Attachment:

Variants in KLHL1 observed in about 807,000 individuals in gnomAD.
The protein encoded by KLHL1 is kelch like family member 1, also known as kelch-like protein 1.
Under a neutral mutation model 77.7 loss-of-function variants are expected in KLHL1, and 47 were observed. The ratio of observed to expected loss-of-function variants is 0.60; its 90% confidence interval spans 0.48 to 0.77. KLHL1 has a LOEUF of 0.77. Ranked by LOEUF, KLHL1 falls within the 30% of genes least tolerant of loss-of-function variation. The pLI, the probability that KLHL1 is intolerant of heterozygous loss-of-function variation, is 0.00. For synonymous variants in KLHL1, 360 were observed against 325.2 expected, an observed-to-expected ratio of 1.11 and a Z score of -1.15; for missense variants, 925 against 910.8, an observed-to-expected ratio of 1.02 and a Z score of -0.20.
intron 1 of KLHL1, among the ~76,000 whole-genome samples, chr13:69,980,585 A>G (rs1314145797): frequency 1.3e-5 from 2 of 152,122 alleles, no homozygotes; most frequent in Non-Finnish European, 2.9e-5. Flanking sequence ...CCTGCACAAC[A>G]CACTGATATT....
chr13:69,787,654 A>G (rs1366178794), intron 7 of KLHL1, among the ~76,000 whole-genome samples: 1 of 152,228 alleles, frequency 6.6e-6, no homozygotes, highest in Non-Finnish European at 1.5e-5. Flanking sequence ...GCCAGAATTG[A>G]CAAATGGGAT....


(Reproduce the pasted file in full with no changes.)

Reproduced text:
Variants in KLHL1 observed in about 807,000 individuals in gnomAD.
The protein encoded by KLHL1 is kelch like family member 1, also known as kelch-like protein 1.
Under a neutral mutation model 77.7 loss-of-function variants are expected in KLHL1, and 47 were observed. The ratio of observed to expected loss-of-function variants is 0.60; its 90% confidence interval spans 0.48 to 0.77. KLHL1 has a LOEUF of 0.77. Ranked by LOEUF, KLHL1 falls within the 30% of genes least tolerant of loss-of-function variation. The pLI, the probability that KLHL1 is intolerant of heterozygous loss-of-function variation, is 0.00. For synonymous variants in KLHL1, 360 were observed against 325.2 expected, an observed-to-expected ratio of 1.11 and a Z score of -1.15; for missense variants, 925 against 910.8, an observed-to-expected ratio of 1.02 and a Z score of -0.20.
intron 1 of KLHL1, among the ~76,000 whole-genome samples, chr13:69,980,585 A>G (rs1314145797): frequency 1.3e-5 from 2 of 152,122 alleles, no homozygotes; most frequent in Non-Finnish European, 2.9e-5. Flanking sequence ...CCTGCACAAC[A>G]CACTGATATT....
chr13:69,787,654 A>G (rs1366178794), intron 7 of KLHL1, among the ~76,000 whole-genome samples: 1 of 152,228 alleles, frequency 6.6e-6, no homozygotes, highest in Non-Finnish European at 1.5e-5. Flanking sequence ...GCCAGAATTG[A>G]CAAATGGGAT....